Call of the Silence

So much the night reveals that is concealed in the glare of the day.
By the faint, metallic shine of the nocturnal lights, the child conjures ghostly forms out of the faded patterns of the window curtains and the arabesques on the tattered wallpaper: mythic heroes, chimeric monsters, giant insects, sailboats, hills and castles. She rises and tiptoes through the dormitory, following a moth who had detached itself from the fabric like a diminutive fairy flying off a leaf. All other students are asleep. The child hears her name called thrice by the silence and ventures further down the unlit corridors of the boarding school to enter the deserted classroom. Sitting on the teacher’s chair, facing the verrière, she stretches her legs and crosses her feet atop the desk to let the moonbeams play with her toes. Her gaze penetrates the improbable shapes in the schoolyard and pursue the scurrying, night-loving creatures until they vanish into their hidden sanctuaries. She befriends the silence, and the silence loves her.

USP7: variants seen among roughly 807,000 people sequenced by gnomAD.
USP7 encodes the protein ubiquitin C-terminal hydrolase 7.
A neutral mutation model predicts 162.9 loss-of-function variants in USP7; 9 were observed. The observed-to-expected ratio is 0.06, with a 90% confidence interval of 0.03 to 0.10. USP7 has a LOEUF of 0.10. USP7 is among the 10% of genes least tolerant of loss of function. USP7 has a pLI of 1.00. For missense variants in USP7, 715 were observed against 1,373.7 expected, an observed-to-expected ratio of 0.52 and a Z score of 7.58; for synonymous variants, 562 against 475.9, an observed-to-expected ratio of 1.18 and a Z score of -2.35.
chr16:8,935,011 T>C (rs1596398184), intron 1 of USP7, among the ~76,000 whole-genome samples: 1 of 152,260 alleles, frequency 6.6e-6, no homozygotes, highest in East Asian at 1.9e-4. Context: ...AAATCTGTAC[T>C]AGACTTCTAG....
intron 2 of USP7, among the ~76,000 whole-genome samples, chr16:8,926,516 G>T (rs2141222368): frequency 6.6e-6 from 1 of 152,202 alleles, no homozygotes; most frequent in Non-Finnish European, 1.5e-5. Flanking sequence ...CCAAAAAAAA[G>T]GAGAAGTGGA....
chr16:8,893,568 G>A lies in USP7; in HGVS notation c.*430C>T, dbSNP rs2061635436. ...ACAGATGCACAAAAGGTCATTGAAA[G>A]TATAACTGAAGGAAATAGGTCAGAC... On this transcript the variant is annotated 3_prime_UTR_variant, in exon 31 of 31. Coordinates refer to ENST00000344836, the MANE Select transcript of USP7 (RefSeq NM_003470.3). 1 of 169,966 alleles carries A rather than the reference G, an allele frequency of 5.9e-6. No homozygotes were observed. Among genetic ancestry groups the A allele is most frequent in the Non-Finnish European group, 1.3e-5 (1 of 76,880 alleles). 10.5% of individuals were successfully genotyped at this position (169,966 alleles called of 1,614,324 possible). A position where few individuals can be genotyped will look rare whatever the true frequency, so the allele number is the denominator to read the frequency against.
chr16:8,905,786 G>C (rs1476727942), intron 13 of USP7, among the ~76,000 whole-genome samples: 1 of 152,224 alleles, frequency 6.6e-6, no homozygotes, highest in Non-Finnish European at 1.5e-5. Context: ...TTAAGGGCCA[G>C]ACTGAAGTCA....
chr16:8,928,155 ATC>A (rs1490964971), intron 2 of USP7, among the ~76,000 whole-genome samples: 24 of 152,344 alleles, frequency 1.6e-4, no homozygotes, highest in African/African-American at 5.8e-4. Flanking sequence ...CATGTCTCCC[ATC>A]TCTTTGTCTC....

From A Book to Free the Soul ©
An illustration of a child’s dream from The ladies’ floral cabinet v.3, no.33 (1874)

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